This is part three in a four-part series on the challenges in using study results to shape our training as runners. Part one discussed why studies are important, and part two explained the numerous issues that occur in the reporting of study results. This part demonstrates that even the supposed “experts” often get things wrong, and part four will share thoughts on how we can use critical thinking to extract whatever value is possible from studies.
While it is now clear that a lot of the flaws in what we read about study results are due to misinterpretation by the media or other “distributors” of such information, the reality is that even scientists often get things wrong or, at the least, fail to consider or reveal the full range of limitations in their research. There are several reasons for this:
- Lack of qualifications of the researcher – sometimes research is performed by graduate students as part of their degree requirements, and they may not be as fully qualified (or supervised as well) as we may be led to believe. Full rigor in designing and executing studies is not easy, and the difficulty is compounded by the time pressure to meet graduation or publication requirements.
- Conflict of interest – one must pay special attention to the source of funding that a researcher or study cites. A corporation is often looking for a specific result from a study, and a scientist my well allow a desire to please the funding source (and increase the potential for future funding) to influence results, even if just subconsciously. Every study involves some degree of judgment, and the assumptions inherent in the study can easily be influenced by outside stimuli.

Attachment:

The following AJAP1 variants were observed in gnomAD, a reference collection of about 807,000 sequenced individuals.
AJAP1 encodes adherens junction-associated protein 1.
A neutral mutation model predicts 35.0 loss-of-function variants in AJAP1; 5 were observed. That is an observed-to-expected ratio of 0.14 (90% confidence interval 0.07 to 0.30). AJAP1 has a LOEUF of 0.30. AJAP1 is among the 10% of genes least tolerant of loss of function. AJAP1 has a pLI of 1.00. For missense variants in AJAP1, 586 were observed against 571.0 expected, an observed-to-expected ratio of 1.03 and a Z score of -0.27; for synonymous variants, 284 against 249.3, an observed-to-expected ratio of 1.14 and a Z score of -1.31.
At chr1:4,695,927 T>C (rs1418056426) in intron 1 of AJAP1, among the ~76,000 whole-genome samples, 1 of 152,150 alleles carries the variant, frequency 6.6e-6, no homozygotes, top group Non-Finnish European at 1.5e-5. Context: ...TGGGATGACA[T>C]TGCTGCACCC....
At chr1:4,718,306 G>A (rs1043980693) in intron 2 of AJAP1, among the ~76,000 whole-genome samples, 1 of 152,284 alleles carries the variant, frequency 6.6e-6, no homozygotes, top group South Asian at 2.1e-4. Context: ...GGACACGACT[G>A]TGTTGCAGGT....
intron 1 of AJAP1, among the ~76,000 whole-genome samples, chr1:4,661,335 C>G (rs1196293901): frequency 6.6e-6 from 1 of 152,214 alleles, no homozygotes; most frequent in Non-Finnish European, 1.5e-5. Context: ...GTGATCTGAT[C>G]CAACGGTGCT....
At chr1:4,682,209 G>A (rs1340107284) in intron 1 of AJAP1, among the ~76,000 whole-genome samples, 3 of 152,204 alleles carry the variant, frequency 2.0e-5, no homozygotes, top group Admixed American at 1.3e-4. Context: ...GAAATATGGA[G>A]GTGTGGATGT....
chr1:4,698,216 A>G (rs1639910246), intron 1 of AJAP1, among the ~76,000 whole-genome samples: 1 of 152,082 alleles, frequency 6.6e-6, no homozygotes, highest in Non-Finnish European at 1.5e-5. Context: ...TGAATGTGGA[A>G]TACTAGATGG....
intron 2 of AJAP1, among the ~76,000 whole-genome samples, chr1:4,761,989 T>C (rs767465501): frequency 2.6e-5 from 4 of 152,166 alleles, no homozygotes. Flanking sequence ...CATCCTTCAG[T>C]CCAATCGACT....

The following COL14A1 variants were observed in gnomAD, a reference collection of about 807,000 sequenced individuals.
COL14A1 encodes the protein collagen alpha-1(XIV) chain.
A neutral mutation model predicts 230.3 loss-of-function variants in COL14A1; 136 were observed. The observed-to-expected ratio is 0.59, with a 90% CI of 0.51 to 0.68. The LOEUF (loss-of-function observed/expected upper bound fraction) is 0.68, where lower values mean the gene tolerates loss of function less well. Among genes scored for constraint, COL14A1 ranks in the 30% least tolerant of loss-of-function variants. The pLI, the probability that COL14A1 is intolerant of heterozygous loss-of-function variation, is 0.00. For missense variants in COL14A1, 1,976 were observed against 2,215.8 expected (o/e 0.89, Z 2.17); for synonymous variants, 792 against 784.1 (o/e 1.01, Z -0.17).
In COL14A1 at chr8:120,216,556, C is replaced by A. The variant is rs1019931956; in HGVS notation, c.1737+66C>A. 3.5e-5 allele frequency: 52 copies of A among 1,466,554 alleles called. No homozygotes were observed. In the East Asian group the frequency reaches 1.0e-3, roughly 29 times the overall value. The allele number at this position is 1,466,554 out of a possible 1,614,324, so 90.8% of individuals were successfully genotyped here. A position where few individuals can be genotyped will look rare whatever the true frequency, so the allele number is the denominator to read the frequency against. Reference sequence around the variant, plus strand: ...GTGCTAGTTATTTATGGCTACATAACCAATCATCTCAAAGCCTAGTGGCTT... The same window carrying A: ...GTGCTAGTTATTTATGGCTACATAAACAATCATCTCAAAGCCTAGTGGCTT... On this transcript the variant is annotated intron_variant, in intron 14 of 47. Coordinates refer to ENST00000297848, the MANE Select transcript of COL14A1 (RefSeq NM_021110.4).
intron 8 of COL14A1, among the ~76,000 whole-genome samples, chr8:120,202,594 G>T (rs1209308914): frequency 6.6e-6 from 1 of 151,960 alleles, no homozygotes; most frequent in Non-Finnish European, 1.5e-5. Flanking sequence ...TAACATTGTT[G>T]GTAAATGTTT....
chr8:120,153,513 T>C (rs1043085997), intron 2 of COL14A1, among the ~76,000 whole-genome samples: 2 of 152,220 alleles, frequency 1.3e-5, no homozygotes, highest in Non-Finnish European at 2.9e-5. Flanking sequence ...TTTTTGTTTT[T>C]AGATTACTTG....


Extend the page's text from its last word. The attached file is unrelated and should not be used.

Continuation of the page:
While it can be difficult to identify study flaws, and this is compounded by the fact that we often see only the abstracts as full papers are hidden behind the pay walls of scientific publications, there are some key areas that we as consumers can look for in reviewing study results.
For larger studies, scientists often rely on historic data o feed their statistical tools. One challenge that is faced in such situations is at all potential “input variables” that can impact the “output variables” are not controlled. In fact, they may not even be known, as the records used to build the results may not contain key data. This can often lead to the “correlation versus causation” dilemma (i.e., if two variables move together, does one cause the other, or is it the other way around, or is there a third variable that impacts both). Methods of eliminating this issue may create problems of their own, such as controlling for potentially important factors. One example would be the recent study on the impact of “extreme” endurance training on mortality rates. The study authors controlled for weight and blood pressure in their analysis (in which they concluded that the optimal amount of running for health reasons was far lower than a typical marathoner would like to hear). Alex Hutchinson points out that is basically eliminates two of the primary health benefits of running and concludes that it’s not that healthy.
Small Sample Sizes
While proper statistical methods eliminate one issue with small samples (as statistical significance includes consideration of sample quantities), there remains the issue that small samples are more likely to suffer from the influence of uncontrolled variables that influence results. You will see some examples below.